Before you take your four-legged friend skiing, make sure he’s up to the task
Before we get started this cross country skiing season, let’s talk about dogs.
Should you take them cross country skiing with you?
One of the best places to ski nordically with a healthy and prepared canine companion is at the Mesa/Delta County Line Cross Country Ski Trails, expertly groomed by the Grand Mesa Nordic Council (GMNC).
The Nordic Council provides designated dog trails in this area. Loops from one kilometer (.62 miles) to about four kilometers (2.48 miles) are beautifully laid out by the good folks who groom these trails four times a week, weather permitting.
One of the worst places to ski with your pet is at Skyline Cross Country Ski Area, a few miles closer to Grand Junction. That’s because other backcountry users have major “issues” with your pet… holes in the track where a skier wants to plant and kick, dogs chasing you, dogs snarling at each other, brown klister ...
There are other life-threatening issues as well: your dog can get hypothermia, frostbite, have a heart attack or stroke, just like you. They can get injured, hungry, dehydrated and tired.
Sarah Shaw knows a lot about pets on Grand Mesa in the middle of winter. That’s because she and husband, Kenton, graciously donate their lives to the Grand Mesa Nordic Council, and they have participated in a half-dozen dog rescues over the past few ski seasons.
“People are slowly becoming more educated,” she said, “but they need to be reminded that animals can suffer as much as we can.
“If it’s a sunny day and the snow is hard as a rock and there’s no one around, I guess it’s OK, but for the most part, I don’t encourage anyone to take their dogs skiing with them. Some dogs just aren’t right for the winter climate we have here — puppies, old dogs, dogs with short hair — they’re better left at home.”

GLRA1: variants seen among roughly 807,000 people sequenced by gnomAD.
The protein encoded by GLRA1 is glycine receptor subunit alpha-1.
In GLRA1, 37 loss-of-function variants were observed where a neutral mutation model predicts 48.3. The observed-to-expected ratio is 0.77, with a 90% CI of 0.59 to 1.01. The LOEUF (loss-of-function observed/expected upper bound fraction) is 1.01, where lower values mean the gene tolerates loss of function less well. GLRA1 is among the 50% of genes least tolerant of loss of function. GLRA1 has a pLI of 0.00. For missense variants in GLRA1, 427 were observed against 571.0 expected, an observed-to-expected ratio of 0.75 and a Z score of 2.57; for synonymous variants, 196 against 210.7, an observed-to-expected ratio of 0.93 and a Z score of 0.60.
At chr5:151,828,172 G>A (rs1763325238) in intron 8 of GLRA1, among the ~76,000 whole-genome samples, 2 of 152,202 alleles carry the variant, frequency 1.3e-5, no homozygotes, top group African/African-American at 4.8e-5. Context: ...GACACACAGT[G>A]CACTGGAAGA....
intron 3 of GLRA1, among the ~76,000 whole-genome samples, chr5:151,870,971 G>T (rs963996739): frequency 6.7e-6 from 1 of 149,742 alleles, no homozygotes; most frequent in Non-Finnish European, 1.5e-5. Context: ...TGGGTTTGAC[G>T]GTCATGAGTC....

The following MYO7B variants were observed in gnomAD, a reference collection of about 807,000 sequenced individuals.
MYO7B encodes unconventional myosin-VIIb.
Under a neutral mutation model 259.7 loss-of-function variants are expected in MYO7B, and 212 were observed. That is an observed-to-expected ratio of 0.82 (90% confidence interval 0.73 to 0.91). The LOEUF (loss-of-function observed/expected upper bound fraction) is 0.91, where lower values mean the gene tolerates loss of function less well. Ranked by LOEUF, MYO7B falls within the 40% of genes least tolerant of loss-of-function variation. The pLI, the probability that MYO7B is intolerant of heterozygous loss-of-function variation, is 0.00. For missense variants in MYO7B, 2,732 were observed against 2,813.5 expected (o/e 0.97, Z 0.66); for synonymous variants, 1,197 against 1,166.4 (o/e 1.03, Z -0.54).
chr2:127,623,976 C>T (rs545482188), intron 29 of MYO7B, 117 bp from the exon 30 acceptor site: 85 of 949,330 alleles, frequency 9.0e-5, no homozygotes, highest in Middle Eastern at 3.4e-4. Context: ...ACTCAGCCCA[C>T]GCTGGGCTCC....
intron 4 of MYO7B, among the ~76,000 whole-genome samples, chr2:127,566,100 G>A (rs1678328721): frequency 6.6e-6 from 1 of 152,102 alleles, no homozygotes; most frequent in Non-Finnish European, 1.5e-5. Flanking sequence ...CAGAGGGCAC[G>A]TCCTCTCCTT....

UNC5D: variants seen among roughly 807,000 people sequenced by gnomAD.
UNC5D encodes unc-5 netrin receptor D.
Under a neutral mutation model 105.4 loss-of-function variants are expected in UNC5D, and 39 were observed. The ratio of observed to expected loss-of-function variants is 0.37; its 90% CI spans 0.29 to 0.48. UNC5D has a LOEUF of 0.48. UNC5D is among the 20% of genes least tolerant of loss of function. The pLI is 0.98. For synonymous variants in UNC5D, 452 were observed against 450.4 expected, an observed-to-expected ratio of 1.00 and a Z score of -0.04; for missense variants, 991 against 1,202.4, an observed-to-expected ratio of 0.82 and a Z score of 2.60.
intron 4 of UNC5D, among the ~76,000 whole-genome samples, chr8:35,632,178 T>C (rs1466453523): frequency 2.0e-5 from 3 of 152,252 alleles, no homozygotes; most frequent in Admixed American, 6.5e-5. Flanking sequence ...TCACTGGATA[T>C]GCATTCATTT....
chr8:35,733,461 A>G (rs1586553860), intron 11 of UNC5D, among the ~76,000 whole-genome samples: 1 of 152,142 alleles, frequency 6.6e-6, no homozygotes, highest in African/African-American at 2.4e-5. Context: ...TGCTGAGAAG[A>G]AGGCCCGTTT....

According to Drs. Foster and Smith, of the famous pet catalog company named after them, minor cases of frostbite in pets “usually involve only ear tips, whereas more extensive freezing causes the loss of the tail and appendages (toes and legs). Death may result if the limbs are involved. Dying tissue attracts bacteria, and severe, life-threatening infections can result.”
Hypothermia “is a condition in which the body temperature becomes too low for normal functioning. It is more common in animals that are short-haired, small, wet or have no shelter during periods of cold temperatures,” according to the good doctors’ Web site, http://www.drsfostersmith.com.
That could happen every day on Grand Mesa from now to next spring.
Want more on doggie issues like hypothermia, frostbite, and how to treat them? Check out drsfostersmith.com AND ask your veterinarian.
If you ski or snowshoe with a four-legged sidekick, hazards exist that you may not see.
Remember, you’re gliding on top of the snow with your skis or snowshoes, while your dog is post-holing through the deep stuff. They may encounter stumps, ruts, vegetation, rocks, fallen trees, stream beds, water bodies, and many other natural and man-made objects that could cut a paw, sprain a leg or freeze a toe.
No matter what, as Sarah suggests, provide a hardy breakfast for your four-legged friend, at least an hour before exercise. (Longer-bodied dogs should eat two hours before exercise. Like horses, they may bloat, which is very dangerous). Carry plenty of snacks and water for your dog as well as yourself.
Before you take your dog skiing, check the temperature and wind chill factor. It’s updated daily on the Nordic council Web site at http://gmnc.org.
Give your dog plenty of time to acclimate to altitude and a chance to rest. He’s working a lot harder than you are.
When your adventure is complete, be sure to have blankets or old sleeping bags in your car to warm your dog.
Check pads, stomach and groin area for scrapes or chafing from snow build-up. Never let your dog ride in an open pickup, wet or dry.
There are many dog friendly cross country/snowshoe areas in western Colorado. Check with local land use agencies before you go.
One final word: If your pet does not come to you when it’s called, it should not be off lead. But, if you’ve got a pet that needs to burn energy and get out as much as you do, do us a favor: pick up his doo-doo, and take Fido to a place where he’ll be appreciated.
Go to gmnc.org for up-to-date conditions reports on Grand Mesa, then either join the Nordic Council or drop a few bucks into the donation box at the trail head next time you’re there. After all, you are the beneficiary of their fine deeds!